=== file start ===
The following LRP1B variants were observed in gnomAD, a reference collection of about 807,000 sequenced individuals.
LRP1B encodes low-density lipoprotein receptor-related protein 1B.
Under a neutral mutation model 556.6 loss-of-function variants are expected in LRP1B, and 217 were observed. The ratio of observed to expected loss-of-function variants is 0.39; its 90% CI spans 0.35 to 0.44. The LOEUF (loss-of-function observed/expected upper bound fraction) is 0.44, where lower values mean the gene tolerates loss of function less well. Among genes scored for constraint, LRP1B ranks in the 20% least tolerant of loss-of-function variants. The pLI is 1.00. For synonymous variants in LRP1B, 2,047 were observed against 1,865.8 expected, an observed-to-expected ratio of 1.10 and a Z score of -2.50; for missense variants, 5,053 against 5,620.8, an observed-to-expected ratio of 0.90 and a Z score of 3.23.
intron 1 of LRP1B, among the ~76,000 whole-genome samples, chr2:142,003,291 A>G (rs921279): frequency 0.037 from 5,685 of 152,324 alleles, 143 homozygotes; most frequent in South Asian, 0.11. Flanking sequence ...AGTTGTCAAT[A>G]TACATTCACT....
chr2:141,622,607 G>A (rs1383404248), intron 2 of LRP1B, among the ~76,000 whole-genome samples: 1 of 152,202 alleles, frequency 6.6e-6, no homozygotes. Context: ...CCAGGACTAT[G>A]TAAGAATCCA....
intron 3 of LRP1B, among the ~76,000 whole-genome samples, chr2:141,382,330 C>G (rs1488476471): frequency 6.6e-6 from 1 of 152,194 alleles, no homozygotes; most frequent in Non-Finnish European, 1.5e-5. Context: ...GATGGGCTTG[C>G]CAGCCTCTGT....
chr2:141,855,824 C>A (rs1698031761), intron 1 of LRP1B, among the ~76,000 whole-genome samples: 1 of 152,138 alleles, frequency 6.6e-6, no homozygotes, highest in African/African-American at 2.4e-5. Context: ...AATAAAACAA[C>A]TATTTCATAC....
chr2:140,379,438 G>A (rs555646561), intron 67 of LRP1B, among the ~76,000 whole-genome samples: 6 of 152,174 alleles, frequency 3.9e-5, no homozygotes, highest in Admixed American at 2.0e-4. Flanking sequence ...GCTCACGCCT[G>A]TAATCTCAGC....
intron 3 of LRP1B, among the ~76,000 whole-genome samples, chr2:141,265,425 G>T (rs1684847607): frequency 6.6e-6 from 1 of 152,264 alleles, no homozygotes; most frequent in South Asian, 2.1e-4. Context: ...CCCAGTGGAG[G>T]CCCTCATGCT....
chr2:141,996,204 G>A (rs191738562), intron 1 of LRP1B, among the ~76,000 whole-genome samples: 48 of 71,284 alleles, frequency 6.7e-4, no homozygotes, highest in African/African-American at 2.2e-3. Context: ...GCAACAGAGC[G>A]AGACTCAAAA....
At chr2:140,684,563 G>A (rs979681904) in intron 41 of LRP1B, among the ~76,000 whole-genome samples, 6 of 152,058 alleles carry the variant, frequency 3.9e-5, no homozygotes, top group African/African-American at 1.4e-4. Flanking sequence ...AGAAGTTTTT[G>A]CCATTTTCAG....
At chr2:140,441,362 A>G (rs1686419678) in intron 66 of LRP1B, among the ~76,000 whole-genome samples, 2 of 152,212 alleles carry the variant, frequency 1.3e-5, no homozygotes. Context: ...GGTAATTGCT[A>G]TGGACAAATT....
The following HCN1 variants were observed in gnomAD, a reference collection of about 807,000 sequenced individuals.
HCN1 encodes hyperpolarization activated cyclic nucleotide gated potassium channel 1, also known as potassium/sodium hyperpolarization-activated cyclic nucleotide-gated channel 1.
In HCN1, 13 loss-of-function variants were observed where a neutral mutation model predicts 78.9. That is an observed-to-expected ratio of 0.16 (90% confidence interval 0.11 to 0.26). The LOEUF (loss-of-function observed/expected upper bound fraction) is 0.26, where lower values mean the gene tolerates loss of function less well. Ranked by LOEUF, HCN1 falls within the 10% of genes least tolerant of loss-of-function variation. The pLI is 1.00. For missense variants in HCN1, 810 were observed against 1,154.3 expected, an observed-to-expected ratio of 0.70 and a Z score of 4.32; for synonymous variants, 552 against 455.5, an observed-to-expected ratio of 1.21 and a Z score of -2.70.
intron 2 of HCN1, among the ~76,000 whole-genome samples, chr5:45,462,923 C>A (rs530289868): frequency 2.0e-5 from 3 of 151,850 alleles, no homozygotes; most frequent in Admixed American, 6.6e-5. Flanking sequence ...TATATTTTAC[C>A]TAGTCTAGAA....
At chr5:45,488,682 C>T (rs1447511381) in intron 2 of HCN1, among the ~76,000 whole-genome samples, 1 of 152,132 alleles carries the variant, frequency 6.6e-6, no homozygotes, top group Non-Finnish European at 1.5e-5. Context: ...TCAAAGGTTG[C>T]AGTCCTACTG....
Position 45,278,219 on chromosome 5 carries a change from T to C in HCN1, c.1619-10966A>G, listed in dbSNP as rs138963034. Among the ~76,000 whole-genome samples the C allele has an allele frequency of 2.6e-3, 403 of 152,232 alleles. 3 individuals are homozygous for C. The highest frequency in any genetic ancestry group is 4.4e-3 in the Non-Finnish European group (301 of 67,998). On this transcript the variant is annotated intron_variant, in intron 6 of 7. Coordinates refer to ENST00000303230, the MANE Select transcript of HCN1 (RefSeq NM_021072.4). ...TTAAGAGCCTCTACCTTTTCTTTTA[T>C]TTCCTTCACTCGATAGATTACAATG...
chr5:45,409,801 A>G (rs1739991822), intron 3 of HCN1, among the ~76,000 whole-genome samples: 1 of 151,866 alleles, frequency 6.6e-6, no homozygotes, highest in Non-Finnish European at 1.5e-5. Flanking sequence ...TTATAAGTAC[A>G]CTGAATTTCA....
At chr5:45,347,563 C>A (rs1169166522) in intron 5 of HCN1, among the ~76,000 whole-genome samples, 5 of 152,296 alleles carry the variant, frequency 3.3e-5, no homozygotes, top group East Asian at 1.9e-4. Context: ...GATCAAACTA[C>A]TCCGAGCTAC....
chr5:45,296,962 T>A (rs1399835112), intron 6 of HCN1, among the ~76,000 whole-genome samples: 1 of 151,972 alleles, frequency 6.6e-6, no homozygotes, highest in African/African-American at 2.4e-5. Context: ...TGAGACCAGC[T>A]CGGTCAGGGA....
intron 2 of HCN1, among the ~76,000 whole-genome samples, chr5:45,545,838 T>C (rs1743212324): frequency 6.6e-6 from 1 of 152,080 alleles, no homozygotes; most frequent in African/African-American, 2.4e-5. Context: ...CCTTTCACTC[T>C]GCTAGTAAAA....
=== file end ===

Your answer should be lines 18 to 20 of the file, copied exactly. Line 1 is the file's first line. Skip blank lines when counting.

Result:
Position 45,278,219 on chromosome 5 carries a change from T to C in HCN1, c.1619-10966A>G, listed in dbSNP as rs138963034. Among the ~76,000 whole-genome samples the C allele has an allele frequency of 2.6e-3, 403 of 152,232 alleles. 3 individuals are homozygous for C. The highest frequency in any genetic ancestry group is 4.4e-3 in the Non-Finnish European group (301 of 67,998). On this transcript the variant is annotated intron_variant, in intron 6 of 7. Coordinates refer to ENST00000303230, the MANE Select transcript of HCN1 (RefSeq NM_021072.4). ...TTAAGAGCCTCTACCTTTTCTTTTA[T>C]TTCCTTCACTCGATAGATTACAATG...
chr5:45,409,801 A>G (rs1739991822), intron 3 of HCN1, among the ~76,000 whole-genome samples: 1 of 151,866 alleles, frequency 6.6e-6, no homozygotes, highest in Non-Finnish European at 1.5e-5. Flanking sequence ...TTATAAGTAC[A>G]CTGAATTTCA....
At chr5:45,347,563 C>A (rs1169166522) in intron 5 of HCN1, among the ~76,000 whole-genome samples, 5 of 152,296 alleles carry the variant, frequency 3.3e-5, no homozygotes, top group East Asian at 1.9e-4. Context: ...GATCAAACTA[C>A]TCCGAGCTAC....